Word from Laredo is that the Laredo City Council has followed suit. The Council quitely rejected a similar $250,000 donation after South Texans Opposing Private Prisons organizer Ricardo Soliz and Laredo lawyer Ron Rodriguez, who has represented several families of inmates abused in GEO prisons, spoke against the donation. According to the Laredo Morning Times:

City Council turned down the $250,000 donation from Geo after returning from executive session to discuss a separate item. City Council took the same action the Commissioners Court took regarding the $250,000 donation from Geo Group.

Several hours before council made the decision, several Laredoans strongly expressed opposition to not only the city accepting the donation but also to the city and county allowing the facility to be built in Laredo.

"This is not a donation - this is a payment," said Ronald Rodriguez, an attorney representing two families whose loved ones died in a prison run by the Geo Group.

"This transaction smells. You know what the money's for," Rodriguez added, alluding to it being a buyoff to receive the clearance to build.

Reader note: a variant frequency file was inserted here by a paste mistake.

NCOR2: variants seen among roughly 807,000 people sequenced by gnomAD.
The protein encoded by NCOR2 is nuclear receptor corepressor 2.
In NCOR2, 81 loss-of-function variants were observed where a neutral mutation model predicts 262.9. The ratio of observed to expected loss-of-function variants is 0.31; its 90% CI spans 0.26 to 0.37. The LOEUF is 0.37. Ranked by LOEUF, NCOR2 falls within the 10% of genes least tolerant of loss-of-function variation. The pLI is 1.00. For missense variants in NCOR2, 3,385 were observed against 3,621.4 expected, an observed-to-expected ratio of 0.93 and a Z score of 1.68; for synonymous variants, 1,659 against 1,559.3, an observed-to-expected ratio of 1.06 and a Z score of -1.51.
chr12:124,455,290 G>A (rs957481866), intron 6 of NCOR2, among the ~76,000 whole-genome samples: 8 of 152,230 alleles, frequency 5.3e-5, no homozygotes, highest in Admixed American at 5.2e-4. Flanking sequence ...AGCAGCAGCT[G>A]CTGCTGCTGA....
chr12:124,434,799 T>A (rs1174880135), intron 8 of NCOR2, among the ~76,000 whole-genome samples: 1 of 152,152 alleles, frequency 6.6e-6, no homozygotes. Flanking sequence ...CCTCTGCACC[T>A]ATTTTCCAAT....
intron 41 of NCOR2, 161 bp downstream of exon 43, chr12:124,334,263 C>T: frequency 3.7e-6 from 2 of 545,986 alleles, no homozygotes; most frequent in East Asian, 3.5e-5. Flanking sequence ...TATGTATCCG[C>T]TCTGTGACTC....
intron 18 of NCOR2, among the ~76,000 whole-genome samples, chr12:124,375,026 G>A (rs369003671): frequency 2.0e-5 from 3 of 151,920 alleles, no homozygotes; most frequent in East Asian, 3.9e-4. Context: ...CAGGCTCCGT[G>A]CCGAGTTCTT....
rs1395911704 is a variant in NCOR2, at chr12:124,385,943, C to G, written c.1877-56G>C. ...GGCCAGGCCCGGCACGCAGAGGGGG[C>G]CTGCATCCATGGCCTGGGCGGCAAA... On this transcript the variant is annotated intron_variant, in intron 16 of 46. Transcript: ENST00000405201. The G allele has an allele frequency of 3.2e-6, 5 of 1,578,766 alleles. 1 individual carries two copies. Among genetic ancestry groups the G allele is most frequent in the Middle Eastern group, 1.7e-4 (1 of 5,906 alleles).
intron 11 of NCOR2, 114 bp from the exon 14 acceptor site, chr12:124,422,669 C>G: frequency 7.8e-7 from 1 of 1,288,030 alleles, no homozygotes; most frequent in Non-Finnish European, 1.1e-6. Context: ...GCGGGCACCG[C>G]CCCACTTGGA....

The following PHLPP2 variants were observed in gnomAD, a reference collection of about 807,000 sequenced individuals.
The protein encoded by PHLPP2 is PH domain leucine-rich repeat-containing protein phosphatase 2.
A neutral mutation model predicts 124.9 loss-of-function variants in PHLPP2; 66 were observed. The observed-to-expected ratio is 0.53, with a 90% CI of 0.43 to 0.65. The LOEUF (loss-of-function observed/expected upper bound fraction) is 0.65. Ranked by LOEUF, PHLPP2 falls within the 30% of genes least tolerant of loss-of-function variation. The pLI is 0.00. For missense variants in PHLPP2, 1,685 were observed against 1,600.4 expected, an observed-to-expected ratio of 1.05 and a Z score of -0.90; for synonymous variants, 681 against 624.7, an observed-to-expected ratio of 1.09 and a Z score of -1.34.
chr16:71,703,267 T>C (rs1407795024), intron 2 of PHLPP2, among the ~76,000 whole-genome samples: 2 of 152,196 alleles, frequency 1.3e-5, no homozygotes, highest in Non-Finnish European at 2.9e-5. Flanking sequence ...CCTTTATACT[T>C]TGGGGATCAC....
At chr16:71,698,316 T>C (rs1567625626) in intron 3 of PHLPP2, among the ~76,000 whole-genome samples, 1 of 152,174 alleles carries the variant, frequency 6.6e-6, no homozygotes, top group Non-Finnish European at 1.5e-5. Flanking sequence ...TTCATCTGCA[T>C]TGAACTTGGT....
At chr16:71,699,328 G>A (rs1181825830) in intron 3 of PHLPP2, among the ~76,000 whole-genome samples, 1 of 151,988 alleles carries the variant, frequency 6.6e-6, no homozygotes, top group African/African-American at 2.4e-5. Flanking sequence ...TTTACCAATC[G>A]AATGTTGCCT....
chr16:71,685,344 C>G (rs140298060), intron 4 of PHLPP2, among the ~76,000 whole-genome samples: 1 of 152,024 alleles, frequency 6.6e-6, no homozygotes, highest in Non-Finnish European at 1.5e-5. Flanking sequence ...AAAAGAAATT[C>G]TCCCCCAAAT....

Also, check out MEG's column on the subject in the new issue of LareDOS which carries the story on page 6 (careful, it's a big PDF!). We'll keep you updated on further developments from Laredo.

 

GEO Group Continues to Draw Fire Over Laredo "Superjail"

GEO Group's Laredo "Superjail" continues to draw fire from local opponents and the South Texas press, and it looks like Laredo decision-makers may finally be starting to take notice. As Kathleen reported back in May, GEO Group CEO George Zoley visited Laredo and distributed $250,000 checks to the city and county governments, a visit that coincided with zoning permits and utility hookup awards.

An article in last Wednesday's Laredo Morning Times outlines how Webb County Commissioners rejected the $250,000 "donation" from the GEO Group after it was criticized by local attorney Ron Rodriguez, who has represented several victims of abuse in GEO prisons, amongst others. From the article: